If you have files you want to share, or want to get in touch to discuss any aspect of this, you can comment here on my blog. (Or send an email to 'john' at the URL address you see further up the page.)

To keep track of BritBase progress (or lack of it), click on the What's New page here.

Saturday, 25 May 2013

What Did We Miss? (Solution)

Saunders - Staples
London League 1979

White to play

Here's the answer to my poser from yesterday. You'll recall that the game went 22 Ng3 Bg6, and I asked you what both players had missed.

A couple of people on Twitter suggested 22...Nxh3+ after the move played (22 Ng3) and it's a very logical try. However, this is an example of pattern recognition leading us astray. I can't recall what I was thinking about when I played 22 Ng3 but I expect I also looked at 22...Nxh3+ and decided my move was worth the risk as there is no immediate mate on the horizon. After 23 gxh3 Qxh3 24 Nxh5 Qxh5 25 Bd1! it is not at all obvious how Black prosecutes his attack.

But instead of 22...Nxh3+, Black has the surprising 22...Bf3!! which turns out to be unanswerable. White cannot take with the queen because of 23...Nxh3+ discovering an attack on the queen, while capturing with the pawn loses to 23...Qxh3 and once again White has to surrender his queen to stop mate.

Those are the main tactics but what can White do if he can't capture? The g2 pawn will fall next move and with it all remaining hope of defending the kingside. White's position collapses like a house of cards.

In retrospect I can only wish that my opponent had played it so that I could have resigned immediately and accompanied him across the road to the Old King Lud pub across the road from the (then) London League venue at St Brides' Institute in order to enjoy extra drinking time for our post-mortem session (I'm sure we ended up there anyway but pubs closed at ludicrously early hours in those days).

Bf3, to win the g2 pawn, is quite an unusual motif, and what made it harder to see was the distraction of a more familiar idea which needed analysing. I'll have some more examples from my old scorebooks very soon.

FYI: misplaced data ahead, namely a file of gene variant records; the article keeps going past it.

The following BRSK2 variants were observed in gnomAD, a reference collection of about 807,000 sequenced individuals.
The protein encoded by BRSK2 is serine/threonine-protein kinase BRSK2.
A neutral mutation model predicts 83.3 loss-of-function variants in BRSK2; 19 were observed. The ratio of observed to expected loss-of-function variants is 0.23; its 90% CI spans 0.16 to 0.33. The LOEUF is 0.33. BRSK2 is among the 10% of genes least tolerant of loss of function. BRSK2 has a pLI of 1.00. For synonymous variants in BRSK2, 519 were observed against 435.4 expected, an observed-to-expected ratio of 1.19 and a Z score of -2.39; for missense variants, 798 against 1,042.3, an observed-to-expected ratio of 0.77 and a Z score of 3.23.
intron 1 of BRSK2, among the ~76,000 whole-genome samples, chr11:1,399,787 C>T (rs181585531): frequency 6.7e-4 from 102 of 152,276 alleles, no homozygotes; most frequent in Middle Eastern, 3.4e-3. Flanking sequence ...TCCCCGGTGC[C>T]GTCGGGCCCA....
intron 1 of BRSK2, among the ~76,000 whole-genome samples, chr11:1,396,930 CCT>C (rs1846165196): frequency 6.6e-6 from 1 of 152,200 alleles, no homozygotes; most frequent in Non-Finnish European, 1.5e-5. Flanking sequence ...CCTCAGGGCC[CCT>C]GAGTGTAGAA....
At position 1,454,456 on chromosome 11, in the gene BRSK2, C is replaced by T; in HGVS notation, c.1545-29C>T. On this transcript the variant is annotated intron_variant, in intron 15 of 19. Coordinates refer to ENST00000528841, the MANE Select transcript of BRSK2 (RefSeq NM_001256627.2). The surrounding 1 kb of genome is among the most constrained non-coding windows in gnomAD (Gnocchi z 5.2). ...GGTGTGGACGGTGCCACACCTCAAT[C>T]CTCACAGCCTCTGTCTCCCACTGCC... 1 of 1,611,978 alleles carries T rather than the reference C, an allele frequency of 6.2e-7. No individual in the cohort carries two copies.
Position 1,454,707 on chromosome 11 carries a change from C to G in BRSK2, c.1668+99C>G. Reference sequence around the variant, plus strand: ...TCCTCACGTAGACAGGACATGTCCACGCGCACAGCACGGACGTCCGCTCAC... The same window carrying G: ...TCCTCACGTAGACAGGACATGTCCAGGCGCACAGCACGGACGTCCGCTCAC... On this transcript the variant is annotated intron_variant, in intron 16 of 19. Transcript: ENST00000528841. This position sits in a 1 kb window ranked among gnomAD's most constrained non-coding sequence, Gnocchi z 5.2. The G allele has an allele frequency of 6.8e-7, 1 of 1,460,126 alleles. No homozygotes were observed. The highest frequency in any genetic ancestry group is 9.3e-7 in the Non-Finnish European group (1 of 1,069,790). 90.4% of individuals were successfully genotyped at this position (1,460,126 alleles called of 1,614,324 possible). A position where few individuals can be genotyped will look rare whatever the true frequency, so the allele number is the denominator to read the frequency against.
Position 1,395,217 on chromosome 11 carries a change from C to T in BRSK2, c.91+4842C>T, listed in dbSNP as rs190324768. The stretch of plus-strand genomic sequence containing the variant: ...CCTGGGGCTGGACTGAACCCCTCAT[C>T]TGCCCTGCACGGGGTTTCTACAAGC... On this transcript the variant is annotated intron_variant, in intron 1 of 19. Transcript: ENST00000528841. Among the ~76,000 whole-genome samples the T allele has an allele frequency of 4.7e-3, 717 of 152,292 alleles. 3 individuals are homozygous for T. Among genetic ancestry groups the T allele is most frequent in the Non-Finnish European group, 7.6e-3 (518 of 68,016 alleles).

Friday, 24 May 2013

What Did We Miss?

Saunders - Staples
London League 1979

White to play

I was browsing some of my old games recently and came upon this one. I was White, with a positionally poor game. I decided I needed to do something about my vulnerable kingside and played 22 Ng3, to which my opponent replied 22...Bg6 to preserve his useful bishop.

Before long I got into time trouble, blundered my d-pawn and eventually lost. But what had both players missed in this sequence? Answer tomorrow.

Monday, 15 April 2013

Sunday, 7 April 2013

Nice Finish from Gawain Jones in the Bundesliga

The German Chess Bundesliga (not to be confused with the football league of the same name) provides a feast of chess entertainment, thanks to the rather splendid software interface they use to broadcast the games (which is now used for other major events, notable the FIDE Candidates' Tournament and the Tradewise Gibraltar Masters). And, of course, it is notable for the excellence of the players who take part in it. Former world champion Anatoly Karpov was there today, drawing comfortably with recent championship candidate Peter Svidler.

Here's the link to today's live action:

Most of England's active GMs play in this event and a game played in today's 15th round by GM Gawain Jones featured a very nice finish. I was a bit sorry to see that German GM Sebastian Siebrecht was the victim as he is a very nice guy whom I always look forward to meeting on the chess circuit but we all have to take our turn at being on the wrong side of a brilliancy.

Gawain Jones (left) and Sebastian Siebrecht

Wednesday, 3 April 2013

2013 Candidates: Some Stats...

One thing not featured on my blog yet is a full crosstable of results. Here is the table from the official site (which I thought was excellent, by the way)...

Carlsen qualified on number of wins - 5 to Kramnik's 4

Crosstables often tell a misleading story, of course. When we look back at the above crosstable in the future and see half a point separating the first four players, we may forget that there was a 1½ points gap between the first two names and the next two before the final round, and that Peter Svidler was never really in the running for first but had a late rally.

Now let's have a look at crosstables of the two separate cycles of the event...

Two very different tables! The main difference between them is that the players would have been very much more tired when they played the second cycle. Or you would have thought so - and yet it was the relative youngsters Aronian and Carlsen who did best in the first cycle, with the older players doing very much better in the second cycle. Perhaps the tension and pressure was more important than physical fitness, and the old guys proved to be made of sterner stuff?